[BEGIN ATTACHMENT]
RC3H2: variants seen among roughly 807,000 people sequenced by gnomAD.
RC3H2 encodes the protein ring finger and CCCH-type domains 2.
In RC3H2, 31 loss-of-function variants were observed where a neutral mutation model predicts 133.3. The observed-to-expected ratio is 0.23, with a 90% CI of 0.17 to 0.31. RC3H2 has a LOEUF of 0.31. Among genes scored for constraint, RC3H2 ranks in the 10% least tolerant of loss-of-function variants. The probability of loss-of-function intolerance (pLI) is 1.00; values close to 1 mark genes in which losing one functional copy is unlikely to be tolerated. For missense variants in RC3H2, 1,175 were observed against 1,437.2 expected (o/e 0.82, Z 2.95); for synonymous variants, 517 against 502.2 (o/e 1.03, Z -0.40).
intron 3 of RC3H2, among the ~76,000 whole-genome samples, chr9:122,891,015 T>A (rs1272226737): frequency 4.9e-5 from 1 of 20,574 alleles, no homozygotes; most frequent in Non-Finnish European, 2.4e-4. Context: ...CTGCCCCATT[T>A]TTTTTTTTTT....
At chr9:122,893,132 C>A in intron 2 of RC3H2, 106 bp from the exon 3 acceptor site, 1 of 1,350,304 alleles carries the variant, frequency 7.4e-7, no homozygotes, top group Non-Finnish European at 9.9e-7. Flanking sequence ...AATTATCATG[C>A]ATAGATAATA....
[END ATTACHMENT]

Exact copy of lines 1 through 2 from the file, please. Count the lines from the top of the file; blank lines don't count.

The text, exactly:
RC3H2: variants seen among roughly 807,000 people sequenced by gnomAD.
RC3H2 encodes the protein ring finger and CCCH-type domains 2.